A year ago yesterday, as I sat in church listening to the service, my mind filled up with thoughts and words. I pulled my notebook out of my purse and started jotting down all of those thoughts. A year ago today, I took a tour in my head of my city, my country, and my world, and wrote a piece I called Today.
Yesterday I was reminded of all of this again in church. As I was an assistant in my son’s Sunday school class, I wasn’t in most of the service, but I did get to hear our minister of music and choir demonstrate how the slave spiritual Don’t You Let Nobody Turn You Around was transformed into the freedom song of the civil rights movement Ain’t Gonna Let Nobody Turn Me Around with the change of a few words, tempo, and the addition of stomping to simulate marching. It was fascinating, and I was startled when my eyes filled with tears which spilled down my face. How does the body feel emotion before the brain does?
When my husband and I re-met almost 12 years ago, he introduced me to bluegrass music which I immediately loved. I loved the old ballads, some of which I knew from my love of 1960s folk music, and I liked hearing the same bits and pieces sung over and over again in different old and new songs. Nothing makes me happier than hearing a song today with a line or a phrase taken from a song that is hundreds of years old. I kind of thought back then I should be an ethnomusicologist, so I could study the ways and reasons songs change over time, the power of a single word, and how something old and beautiful can be remade into something even better.
So here is what I wrote last year. I might have written the exact same thing this year, and I have a feeling it will feel timely again next year, as my thoughts seem to be drawn to this same place and these same words.
Today, I’m at home with my children.
I’ve been thinking about where I live. My house sits at the bottom of Peach Orchard Hill, where some of the harshest fighting and most severe casualties took place during the Union-won two day Battle of Nashville. Troops of all colors fought here, and every December I can see present day people recreating history for us. I’ve never taken a metal detector out in my yard, but I’m pretty sure I would find remnants of those two days in December of 1864.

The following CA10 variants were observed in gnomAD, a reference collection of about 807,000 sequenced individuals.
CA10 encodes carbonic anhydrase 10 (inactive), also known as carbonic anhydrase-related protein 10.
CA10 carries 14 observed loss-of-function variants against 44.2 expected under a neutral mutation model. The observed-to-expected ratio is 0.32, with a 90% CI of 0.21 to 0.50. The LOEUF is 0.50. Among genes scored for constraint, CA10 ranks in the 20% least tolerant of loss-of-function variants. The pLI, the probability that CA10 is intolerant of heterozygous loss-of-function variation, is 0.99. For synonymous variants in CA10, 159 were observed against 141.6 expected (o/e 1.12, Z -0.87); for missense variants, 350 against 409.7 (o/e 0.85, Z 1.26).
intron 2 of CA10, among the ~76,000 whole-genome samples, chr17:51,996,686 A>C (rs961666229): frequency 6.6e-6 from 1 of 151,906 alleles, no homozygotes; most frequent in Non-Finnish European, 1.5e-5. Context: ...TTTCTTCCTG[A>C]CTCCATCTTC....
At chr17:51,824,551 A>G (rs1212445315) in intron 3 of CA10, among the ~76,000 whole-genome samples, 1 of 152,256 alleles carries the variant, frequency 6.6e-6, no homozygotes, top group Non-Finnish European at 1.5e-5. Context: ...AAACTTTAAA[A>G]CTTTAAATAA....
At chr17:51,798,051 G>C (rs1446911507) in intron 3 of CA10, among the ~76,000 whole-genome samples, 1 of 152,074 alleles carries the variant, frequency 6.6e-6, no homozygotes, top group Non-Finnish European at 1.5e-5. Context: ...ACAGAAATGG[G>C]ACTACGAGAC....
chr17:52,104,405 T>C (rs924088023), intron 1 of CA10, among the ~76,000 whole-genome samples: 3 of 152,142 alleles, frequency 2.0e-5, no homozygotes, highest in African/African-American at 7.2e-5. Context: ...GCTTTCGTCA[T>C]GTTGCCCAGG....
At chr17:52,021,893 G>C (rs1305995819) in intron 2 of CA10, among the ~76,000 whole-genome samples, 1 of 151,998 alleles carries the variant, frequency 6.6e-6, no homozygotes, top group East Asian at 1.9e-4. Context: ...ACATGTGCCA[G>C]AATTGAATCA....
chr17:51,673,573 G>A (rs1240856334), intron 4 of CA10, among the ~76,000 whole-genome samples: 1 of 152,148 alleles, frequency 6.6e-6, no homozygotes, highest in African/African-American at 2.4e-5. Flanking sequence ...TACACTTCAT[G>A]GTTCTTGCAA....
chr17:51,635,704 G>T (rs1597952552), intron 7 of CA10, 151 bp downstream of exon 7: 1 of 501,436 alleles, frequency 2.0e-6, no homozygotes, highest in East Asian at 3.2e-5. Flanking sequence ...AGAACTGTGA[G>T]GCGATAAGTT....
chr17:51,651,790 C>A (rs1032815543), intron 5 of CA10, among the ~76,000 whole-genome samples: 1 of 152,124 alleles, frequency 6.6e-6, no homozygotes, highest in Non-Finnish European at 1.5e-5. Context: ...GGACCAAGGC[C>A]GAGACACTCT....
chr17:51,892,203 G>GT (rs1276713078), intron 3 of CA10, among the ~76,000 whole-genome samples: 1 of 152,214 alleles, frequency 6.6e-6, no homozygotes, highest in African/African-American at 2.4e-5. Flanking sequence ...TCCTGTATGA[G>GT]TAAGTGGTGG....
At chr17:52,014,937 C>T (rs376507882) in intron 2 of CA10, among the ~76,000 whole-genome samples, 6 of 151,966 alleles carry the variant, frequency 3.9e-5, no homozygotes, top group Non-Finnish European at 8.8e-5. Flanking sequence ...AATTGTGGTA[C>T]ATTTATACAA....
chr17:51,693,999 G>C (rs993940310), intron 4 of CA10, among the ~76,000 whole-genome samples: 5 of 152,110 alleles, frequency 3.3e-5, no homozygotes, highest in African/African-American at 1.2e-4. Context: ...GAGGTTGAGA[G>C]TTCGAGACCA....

I can drive south into the country 15 minutes away and be on the Battle of Franklin site. I used to be able to see 145 year old bloodstains on the lower porch floor of a house that served as a makeshift hospital. Last December, I couldn’t find those stains and I saw that the porch had a new coat of paint. I wondered about the lasting effects of covering up history, especially the darker and sadder aspects.
On this same drive, I can marvel at the beauty of the slave built dry stacked limestone walls outlining so many farms and roads, and know that there are very few people alive today with the knowledge of how to build those structures. I can also shed a few tears trying to imagine what it was like to build these walls for other people, to make no decisions about your own days – the work that you did, the food that you ate, the place where you slept, and the family you had around you.
I can take the bus downtown and see historical markers for the less famous but still important Nashville lunch counter sit-ins. All those department and drug stores are long gone, either torn down or turned into office buildings or condos.
I can go visit one of the oldest and well known historically black universities, and see an amazing collection of art and photography given by Georgia O’Keeffe from her husband Alfred Stieglitz’s estate. I can know that the university has tried to legally separate the two paintings that are the pinnacle of the collection and sell them, because the small endowment cannot keep up with the needs of the university and the need for new cash sources is ongoing. I can also see the beautiful, newly restored murals by Aaron Douglass painted on the walls of the library, and say a little prayer for all the people who in large and small ways helped to return the murals from the disrepair they had been in for so long.